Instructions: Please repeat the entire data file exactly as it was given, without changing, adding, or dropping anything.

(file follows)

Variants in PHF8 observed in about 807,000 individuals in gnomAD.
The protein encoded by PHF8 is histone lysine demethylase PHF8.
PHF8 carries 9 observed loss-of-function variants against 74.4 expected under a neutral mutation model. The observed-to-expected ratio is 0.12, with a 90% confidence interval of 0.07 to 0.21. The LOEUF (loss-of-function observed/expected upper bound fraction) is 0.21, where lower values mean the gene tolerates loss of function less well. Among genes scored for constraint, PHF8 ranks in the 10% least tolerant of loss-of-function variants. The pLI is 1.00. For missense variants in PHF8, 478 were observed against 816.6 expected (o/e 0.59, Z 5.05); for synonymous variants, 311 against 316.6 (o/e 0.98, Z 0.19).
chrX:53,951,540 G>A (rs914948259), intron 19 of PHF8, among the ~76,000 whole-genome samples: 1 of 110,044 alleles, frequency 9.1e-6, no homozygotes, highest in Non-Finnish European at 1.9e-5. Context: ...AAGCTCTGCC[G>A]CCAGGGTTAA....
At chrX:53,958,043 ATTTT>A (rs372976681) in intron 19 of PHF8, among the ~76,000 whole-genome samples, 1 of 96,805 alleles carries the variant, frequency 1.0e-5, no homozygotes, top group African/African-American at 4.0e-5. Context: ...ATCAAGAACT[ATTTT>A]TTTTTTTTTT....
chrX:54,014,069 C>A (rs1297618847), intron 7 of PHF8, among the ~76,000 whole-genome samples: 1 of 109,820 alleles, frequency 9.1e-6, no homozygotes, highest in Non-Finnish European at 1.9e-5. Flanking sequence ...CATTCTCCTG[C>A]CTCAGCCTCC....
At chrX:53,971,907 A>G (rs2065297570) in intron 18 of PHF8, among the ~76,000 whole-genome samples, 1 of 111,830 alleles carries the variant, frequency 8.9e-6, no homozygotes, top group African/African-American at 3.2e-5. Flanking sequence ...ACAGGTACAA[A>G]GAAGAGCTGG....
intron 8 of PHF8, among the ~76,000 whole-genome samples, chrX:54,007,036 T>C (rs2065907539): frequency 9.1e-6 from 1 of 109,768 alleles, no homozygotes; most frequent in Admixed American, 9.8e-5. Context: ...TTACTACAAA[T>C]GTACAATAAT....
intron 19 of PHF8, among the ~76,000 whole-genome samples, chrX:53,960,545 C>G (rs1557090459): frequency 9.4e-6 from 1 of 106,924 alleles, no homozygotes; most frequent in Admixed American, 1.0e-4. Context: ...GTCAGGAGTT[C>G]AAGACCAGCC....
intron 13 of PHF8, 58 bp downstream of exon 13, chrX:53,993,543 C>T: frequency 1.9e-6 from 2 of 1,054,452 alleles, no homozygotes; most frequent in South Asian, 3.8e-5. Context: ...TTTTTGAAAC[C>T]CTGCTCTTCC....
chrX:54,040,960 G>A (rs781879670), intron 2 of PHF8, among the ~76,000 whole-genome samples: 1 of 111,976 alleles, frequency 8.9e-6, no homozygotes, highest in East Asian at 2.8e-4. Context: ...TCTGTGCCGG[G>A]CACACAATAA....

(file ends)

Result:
Variants in PHF8 observed in about 807,000 individuals in gnomAD.
The protein encoded by PHF8 is histone lysine demethylase PHF8.
PHF8 carries 9 observed loss-of-function variants against 74.4 expected under a neutral mutation model. The observed-to-expected ratio is 0.12, with a 90% confidence interval of 0.07 to 0.21. The LOEUF (loss-of-function observed/expected upper bound fraction) is 0.21, where lower values mean the gene tolerates loss of function less well. Among genes scored for constraint, PHF8 ranks in the 10% least tolerant of loss-of-function variants. The pLI is 1.00. For missense variants in PHF8, 478 were observed against 816.6 expected (o/e 0.59, Z 5.05); for synonymous variants, 311 against 316.6 (o/e 0.98, Z 0.19).
chrX:53,951,540 G>A (rs914948259), intron 19 of PHF8, among the ~76,000 whole-genome samples: 1 of 110,044 alleles, frequency 9.1e-6, no homozygotes, highest in Non-Finnish European at 1.9e-5. Context: ...AAGCTCTGCC[G>A]CCAGGGTTAA....
At chrX:53,958,043 ATTTT>A (rs372976681) in intron 19 of PHF8, among the ~76,000 whole-genome samples, 1 of 96,805 alleles carries the variant, frequency 1.0e-5, no homozygotes, top group African/African-American at 4.0e-5. Context: ...ATCAAGAACT[ATTTT>A]TTTTTTTTTT....
chrX:54,014,069 C>A (rs1297618847), intron 7 of PHF8, among the ~76,000 whole-genome samples: 1 of 109,820 alleles, frequency 9.1e-6, no homozygotes, highest in Non-Finnish European at 1.9e-5. Flanking sequence ...CATTCTCCTG[C>A]CTCAGCCTCC....
At chrX:53,971,907 A>G (rs2065297570) in intron 18 of PHF8, among the ~76,000 whole-genome samples, 1 of 111,830 alleles carries the variant, frequency 8.9e-6, no homozygotes, top group African/African-American at 3.2e-5. Flanking sequence ...ACAGGTACAA[A>G]GAAGAGCTGG....
intron 8 of PHF8, among the ~76,000 whole-genome samples, chrX:54,007,036 T>C (rs2065907539): frequency 9.1e-6 from 1 of 109,768 alleles, no homozygotes; most frequent in Admixed American, 9.8e-5. Context: ...TTACTACAAA[T>C]GTACAATAAT....
intron 19 of PHF8, among the ~76,000 whole-genome samples, chrX:53,960,545 C>G (rs1557090459): frequency 9.4e-6 from 1 of 106,924 alleles, no homozygotes; most frequent in Admixed American, 1.0e-4. Context: ...GTCAGGAGTT[C>G]AAGACCAGCC....
intron 13 of PHF8, 58 bp downstream of exon 13, chrX:53,993,543 C>T: frequency 1.9e-6 from 2 of 1,054,452 alleles, no homozygotes; most frequent in South Asian, 3.8e-5. Context: ...TTTTTGAAAC[C>T]CTGCTCTTCC....
chrX:54,040,960 G>A (rs781879670), intron 2 of PHF8, among the ~76,000 whole-genome samples: 1 of 111,976 alleles, frequency 8.9e-6, no homozygotes, highest in East Asian at 2.8e-4. Context: ...TCTGTGCCGG[G>A]CACACAATAA....